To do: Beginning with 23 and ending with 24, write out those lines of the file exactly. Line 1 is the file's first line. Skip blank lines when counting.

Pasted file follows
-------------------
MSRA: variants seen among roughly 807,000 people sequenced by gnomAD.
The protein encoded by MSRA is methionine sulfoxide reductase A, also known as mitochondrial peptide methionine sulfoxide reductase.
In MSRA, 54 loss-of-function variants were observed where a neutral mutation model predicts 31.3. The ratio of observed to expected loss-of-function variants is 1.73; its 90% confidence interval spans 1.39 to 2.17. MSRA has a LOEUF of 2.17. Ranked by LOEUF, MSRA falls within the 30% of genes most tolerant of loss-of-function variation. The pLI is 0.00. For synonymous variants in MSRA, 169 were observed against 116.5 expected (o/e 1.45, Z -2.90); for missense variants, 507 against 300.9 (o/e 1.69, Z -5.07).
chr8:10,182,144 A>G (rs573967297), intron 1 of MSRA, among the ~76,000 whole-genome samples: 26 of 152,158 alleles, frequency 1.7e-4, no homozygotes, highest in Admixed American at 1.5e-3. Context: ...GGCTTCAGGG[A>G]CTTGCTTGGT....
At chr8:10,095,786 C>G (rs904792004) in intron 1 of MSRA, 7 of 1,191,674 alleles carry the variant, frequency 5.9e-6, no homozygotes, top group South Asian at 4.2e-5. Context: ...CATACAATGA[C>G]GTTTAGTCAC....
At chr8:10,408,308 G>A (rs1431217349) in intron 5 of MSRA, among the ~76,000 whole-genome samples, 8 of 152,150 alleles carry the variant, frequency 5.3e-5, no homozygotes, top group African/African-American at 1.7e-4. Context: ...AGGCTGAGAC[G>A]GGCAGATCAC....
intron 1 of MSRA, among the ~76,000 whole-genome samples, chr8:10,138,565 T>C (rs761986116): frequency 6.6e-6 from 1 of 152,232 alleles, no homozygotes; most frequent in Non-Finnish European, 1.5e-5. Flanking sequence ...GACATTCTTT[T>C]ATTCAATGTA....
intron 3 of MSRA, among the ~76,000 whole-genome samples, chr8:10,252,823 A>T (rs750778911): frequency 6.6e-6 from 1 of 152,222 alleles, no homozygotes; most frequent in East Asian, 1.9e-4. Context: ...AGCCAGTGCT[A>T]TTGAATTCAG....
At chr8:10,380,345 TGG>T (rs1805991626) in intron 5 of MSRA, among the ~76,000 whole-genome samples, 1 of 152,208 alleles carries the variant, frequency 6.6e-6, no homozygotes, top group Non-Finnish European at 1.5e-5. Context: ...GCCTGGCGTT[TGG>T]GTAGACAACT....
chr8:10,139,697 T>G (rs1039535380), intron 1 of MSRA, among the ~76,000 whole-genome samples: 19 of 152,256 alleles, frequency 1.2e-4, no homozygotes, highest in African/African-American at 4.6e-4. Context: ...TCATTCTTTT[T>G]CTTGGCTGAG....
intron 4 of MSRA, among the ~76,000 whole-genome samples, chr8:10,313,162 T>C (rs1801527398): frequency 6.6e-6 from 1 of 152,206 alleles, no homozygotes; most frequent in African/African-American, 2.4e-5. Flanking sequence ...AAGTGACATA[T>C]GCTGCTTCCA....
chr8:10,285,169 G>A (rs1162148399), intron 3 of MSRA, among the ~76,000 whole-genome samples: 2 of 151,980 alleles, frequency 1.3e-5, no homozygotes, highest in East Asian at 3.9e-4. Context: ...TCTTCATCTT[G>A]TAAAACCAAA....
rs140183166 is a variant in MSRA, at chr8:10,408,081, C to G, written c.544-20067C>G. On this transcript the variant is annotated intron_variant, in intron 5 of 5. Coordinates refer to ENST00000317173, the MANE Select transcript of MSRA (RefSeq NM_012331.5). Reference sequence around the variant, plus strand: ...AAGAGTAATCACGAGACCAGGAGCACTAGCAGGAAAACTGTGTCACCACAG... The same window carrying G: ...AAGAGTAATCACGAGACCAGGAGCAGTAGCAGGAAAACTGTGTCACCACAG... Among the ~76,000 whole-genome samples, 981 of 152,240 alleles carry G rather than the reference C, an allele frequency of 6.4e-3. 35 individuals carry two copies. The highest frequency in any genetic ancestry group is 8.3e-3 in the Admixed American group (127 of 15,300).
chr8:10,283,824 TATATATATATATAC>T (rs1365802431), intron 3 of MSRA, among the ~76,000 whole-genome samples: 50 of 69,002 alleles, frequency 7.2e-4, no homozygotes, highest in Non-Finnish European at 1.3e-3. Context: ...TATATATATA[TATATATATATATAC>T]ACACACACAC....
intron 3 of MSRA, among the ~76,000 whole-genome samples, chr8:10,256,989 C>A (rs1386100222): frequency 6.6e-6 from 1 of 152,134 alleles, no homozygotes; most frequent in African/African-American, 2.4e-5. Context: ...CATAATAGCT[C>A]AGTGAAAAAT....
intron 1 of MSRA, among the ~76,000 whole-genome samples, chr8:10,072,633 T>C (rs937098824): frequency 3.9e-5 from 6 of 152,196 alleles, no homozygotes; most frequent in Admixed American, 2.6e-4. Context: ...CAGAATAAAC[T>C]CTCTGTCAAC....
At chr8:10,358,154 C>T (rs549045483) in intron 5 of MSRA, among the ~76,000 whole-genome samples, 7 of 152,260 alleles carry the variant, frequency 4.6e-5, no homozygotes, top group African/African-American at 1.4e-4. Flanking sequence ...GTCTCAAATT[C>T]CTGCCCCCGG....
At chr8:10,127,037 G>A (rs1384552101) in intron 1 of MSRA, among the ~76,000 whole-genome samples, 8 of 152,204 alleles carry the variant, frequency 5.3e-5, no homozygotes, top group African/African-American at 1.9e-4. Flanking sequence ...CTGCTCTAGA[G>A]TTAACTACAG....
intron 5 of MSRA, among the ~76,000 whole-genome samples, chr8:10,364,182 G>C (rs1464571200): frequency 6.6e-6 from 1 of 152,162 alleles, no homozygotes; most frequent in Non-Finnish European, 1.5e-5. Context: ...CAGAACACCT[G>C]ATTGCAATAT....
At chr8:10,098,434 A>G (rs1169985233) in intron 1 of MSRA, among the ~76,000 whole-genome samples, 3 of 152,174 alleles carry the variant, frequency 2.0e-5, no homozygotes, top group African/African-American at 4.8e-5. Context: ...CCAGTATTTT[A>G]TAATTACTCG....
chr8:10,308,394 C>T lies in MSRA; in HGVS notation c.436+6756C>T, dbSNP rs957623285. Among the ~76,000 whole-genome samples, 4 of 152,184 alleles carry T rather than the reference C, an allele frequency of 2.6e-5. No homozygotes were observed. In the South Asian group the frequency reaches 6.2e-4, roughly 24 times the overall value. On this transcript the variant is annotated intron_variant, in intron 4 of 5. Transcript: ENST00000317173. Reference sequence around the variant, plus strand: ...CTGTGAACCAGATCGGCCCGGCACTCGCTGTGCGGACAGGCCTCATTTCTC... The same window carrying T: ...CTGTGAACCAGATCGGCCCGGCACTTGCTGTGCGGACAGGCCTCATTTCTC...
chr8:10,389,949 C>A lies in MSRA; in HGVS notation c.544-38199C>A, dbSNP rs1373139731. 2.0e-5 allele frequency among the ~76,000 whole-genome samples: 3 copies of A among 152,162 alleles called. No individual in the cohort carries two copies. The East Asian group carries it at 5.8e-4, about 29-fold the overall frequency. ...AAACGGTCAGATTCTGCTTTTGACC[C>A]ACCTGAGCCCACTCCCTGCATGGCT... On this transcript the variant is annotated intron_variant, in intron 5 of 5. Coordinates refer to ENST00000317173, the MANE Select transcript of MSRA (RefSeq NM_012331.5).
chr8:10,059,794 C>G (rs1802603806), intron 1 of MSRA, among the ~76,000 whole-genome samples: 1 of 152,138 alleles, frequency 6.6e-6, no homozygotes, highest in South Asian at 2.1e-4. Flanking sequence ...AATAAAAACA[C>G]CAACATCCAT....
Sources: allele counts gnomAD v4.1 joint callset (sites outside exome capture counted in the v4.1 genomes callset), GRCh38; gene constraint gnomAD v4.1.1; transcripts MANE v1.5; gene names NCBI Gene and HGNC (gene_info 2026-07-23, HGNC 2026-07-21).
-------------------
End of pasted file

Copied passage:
chr8:10,059,794 C>G (rs1802603806), intron 1 of MSRA, among the ~76,000 whole-genome samples: 1 of 152,138 alleles, frequency 6.6e-6, no homozygotes, highest in South Asian at 2.1e-4. Flanking sequence ...AATAAAAACA[C>G]CAACATCCAT....
Sources: allele counts gnomAD v4.1 joint callset (sites outside exome capture counted in the v4.1 genomes callset), GRCh38; gene constraint gnomAD v4.1.1; transcripts MANE v1.5; gene names NCBI Gene and HGNC (gene_info 2026-07-23, HGNC 2026-07-21).